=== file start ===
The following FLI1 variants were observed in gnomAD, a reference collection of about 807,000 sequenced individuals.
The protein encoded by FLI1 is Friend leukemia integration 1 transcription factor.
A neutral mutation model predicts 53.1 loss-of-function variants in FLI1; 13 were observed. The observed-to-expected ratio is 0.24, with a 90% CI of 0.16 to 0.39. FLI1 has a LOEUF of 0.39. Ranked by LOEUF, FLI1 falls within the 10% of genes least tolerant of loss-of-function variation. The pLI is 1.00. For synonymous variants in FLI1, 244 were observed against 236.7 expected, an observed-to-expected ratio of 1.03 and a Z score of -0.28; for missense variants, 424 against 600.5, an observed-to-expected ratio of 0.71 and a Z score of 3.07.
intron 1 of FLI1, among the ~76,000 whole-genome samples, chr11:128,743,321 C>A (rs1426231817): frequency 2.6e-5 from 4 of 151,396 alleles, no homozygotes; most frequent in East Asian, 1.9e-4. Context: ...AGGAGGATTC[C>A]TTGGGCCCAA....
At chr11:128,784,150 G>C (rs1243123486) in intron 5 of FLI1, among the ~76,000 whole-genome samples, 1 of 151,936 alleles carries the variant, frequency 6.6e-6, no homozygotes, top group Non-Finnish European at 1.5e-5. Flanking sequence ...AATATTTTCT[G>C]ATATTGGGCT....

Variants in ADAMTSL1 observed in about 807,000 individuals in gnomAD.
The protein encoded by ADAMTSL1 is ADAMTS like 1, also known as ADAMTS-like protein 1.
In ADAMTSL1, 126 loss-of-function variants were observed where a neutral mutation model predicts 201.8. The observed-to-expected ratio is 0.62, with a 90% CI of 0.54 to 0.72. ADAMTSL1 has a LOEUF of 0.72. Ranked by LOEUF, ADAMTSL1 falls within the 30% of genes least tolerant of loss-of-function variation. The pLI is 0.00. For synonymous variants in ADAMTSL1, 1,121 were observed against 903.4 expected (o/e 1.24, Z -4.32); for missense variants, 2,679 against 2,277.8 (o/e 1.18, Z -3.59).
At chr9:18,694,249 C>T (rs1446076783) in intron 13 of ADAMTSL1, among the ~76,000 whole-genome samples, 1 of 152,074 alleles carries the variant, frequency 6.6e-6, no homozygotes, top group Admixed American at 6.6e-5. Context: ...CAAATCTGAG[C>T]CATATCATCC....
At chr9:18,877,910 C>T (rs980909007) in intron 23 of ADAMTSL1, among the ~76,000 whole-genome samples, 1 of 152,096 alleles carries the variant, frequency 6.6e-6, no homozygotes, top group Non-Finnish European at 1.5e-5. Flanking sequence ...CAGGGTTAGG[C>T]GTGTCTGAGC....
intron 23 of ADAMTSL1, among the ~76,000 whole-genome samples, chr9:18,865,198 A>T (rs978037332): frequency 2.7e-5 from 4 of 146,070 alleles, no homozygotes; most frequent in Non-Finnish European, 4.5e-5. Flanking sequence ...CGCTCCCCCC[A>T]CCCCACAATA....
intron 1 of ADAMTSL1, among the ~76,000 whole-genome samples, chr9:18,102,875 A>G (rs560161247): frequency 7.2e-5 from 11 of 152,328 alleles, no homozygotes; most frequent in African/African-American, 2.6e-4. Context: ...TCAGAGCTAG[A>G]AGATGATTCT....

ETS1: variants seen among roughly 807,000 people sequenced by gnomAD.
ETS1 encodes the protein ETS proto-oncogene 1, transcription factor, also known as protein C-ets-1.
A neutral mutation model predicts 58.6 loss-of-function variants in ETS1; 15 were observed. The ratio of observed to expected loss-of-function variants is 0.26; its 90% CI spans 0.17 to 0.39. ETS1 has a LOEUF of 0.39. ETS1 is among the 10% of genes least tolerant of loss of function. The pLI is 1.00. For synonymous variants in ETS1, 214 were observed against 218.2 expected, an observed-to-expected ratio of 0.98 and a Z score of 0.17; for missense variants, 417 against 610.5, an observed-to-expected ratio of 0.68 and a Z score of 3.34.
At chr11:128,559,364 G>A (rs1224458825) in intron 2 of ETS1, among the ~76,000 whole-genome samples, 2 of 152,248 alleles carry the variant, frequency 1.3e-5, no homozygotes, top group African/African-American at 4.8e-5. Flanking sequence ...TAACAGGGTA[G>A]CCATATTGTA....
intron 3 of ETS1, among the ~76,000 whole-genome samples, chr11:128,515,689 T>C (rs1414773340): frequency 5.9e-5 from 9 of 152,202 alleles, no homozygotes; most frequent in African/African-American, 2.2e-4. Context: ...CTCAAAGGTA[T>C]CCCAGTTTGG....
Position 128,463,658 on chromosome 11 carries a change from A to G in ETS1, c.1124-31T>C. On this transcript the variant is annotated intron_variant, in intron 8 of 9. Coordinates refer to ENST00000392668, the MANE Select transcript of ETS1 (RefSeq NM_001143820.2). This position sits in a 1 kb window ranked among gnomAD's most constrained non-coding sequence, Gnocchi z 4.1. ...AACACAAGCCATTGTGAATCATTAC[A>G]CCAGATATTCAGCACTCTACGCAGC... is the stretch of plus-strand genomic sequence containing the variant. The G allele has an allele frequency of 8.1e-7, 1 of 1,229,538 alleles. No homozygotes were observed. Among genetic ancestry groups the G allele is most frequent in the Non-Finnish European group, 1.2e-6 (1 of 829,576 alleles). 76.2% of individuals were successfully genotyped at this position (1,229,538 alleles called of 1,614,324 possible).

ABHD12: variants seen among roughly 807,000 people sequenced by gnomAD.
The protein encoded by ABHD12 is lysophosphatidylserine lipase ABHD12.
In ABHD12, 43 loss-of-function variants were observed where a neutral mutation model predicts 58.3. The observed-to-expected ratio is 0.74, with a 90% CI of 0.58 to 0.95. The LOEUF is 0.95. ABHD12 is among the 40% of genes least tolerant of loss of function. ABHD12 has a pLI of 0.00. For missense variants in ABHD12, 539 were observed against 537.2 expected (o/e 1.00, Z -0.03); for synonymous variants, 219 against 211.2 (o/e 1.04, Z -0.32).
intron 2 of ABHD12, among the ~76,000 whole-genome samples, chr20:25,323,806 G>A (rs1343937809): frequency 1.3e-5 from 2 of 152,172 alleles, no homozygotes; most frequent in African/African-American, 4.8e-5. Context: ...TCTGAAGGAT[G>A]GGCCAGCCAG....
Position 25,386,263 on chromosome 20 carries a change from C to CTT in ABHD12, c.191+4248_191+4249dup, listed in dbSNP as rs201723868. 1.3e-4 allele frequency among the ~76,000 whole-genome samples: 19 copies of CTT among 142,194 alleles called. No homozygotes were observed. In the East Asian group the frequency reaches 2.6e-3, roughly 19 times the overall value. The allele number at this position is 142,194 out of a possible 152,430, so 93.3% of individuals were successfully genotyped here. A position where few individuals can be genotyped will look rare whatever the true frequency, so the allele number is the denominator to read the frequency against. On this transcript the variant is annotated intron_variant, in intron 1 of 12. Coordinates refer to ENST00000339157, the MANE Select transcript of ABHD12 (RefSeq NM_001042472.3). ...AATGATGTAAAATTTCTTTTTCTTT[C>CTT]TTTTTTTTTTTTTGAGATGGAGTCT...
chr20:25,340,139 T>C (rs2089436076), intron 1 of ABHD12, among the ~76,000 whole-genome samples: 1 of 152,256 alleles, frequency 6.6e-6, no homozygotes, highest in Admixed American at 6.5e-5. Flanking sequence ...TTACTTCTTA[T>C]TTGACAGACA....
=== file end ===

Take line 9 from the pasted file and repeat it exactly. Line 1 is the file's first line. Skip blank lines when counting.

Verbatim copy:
At chr9:18,694,249 C>T (rs1446076783) in intron 13 of ADAMTSL1, among the ~76,000 whole-genome samples, 1 of 152,074 alleles carries the variant, frequency 6.6e-6, no homozygotes, top group Admixed American at 6.6e-5. Context: ...CAAATCTGAG[C>T]CATATCATCC....